David-Maria Sassoli, a center-left Italian lawmaker, was elected as the new president of the European Parliament. The vote came amid tensions over other nominations to the EU's top jobs, which are still pending approval.
Sassoli, a lawmaker with the center-left Socialists and Democrats bloc (S&D) secured an absolute majority with 345 votes in the second round of voting.
Czech lawmaker Jan Zahradil, with the euroskeptic European Conservatives and Reformists bloc, came in second followed by German Greens candidate Ska Keller and Spain's Sira Rego who came in last.
Newly-elected MEPs, who had their inaugural session on Tuesday, voted in a secret ballot to select the new president who will serve a two-and-a-half year term.
The vote comes on the heels of a difficult agreement reached by the EU's 28 national leaders on filling the bloc's top jobs that saw German Defense Minister Ursula von der Leyen nominated as the next European Commission president, even though she was not a lead candidate picked by one of the blocs in Parliament.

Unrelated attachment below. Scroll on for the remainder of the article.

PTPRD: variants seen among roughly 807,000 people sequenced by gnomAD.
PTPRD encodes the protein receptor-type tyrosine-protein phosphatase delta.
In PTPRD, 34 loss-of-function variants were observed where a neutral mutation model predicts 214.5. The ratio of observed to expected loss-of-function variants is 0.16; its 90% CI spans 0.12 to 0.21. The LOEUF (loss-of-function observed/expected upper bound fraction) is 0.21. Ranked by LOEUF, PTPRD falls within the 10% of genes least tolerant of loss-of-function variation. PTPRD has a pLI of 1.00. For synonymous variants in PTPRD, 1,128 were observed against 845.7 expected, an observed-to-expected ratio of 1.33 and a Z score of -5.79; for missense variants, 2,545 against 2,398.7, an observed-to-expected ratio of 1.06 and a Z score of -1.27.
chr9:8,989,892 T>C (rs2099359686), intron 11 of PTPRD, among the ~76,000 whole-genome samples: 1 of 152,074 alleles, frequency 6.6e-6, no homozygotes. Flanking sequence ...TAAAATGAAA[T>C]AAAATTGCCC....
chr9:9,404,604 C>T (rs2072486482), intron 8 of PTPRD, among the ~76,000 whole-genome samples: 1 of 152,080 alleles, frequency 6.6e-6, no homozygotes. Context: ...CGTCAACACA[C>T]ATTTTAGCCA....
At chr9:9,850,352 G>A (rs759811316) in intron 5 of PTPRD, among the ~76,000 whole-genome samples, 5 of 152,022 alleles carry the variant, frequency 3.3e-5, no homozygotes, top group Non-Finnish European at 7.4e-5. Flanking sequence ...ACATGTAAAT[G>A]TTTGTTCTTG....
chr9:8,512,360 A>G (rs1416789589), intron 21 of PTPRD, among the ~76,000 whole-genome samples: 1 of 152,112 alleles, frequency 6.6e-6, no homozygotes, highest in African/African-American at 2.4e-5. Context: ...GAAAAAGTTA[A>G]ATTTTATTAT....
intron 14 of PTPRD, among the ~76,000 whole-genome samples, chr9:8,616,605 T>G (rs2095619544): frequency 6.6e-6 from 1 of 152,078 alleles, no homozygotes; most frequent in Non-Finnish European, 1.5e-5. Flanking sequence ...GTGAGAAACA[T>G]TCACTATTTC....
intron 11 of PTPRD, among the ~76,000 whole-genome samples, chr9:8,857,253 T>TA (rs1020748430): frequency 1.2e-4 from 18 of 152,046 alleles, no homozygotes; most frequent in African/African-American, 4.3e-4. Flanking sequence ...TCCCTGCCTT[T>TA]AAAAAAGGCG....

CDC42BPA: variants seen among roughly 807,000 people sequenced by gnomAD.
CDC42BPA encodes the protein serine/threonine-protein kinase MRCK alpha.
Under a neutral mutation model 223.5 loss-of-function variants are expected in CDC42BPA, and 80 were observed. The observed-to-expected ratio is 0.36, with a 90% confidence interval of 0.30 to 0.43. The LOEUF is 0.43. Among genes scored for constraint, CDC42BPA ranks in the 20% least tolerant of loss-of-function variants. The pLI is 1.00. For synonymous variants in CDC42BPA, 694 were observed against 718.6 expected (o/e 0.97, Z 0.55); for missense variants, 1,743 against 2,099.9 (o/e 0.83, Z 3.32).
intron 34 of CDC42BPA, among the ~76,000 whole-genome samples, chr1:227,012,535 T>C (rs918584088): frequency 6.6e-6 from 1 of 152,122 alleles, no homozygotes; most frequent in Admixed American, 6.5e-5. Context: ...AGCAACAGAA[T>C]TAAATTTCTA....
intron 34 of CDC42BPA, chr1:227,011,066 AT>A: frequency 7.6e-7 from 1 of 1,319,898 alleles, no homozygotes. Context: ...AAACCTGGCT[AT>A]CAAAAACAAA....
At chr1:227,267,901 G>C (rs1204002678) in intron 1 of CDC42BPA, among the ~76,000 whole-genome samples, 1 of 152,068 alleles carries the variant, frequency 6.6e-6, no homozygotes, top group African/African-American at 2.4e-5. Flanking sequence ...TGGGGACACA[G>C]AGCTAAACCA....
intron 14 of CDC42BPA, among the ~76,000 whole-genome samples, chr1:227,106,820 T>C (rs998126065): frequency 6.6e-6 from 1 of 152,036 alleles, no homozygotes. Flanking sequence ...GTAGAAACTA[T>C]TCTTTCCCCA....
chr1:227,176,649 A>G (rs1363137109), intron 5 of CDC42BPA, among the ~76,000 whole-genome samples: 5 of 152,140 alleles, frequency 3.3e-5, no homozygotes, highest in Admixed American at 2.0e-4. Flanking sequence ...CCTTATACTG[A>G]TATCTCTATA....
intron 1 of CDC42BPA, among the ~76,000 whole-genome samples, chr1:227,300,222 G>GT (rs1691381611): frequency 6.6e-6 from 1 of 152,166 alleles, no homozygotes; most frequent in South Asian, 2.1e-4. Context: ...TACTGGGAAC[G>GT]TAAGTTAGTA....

Backlash over EU job nominations
Many EU lawmakers criticized the leaders' nominations, but ended up following their recommendation in the vote on Wednesday.
European Council President Donald Tusk earlier recommended that Parliament choose a candidate from the center-left S&D for the first two-and-a-half year term, followed by a candidate from the center-rigth European People's Party (EPP) for the second term.
The EPP currently has the largest number of seats in Parliament, followed by the S&D — but both parties lost support in the European Parliament elections in May.
Italy's Sassoli was favored to win, after the S&D lawmaker got the backing of the center-right EPP as well as the liberals.
Von der Leyen is expected to travel to the French city of Strasbourg, where the European Parliament sits, on Wednesday afternoon to attend the session, and likely try to win support for her nomination as the head of the EU's executive arm.
MEPs will have the final say in the EU's top four jobs, as all nominees must be confirmed by the European Parliament. That vote has not been set yet, but is expected to occur in mid-July.
rs/jm (AFP, Reuters)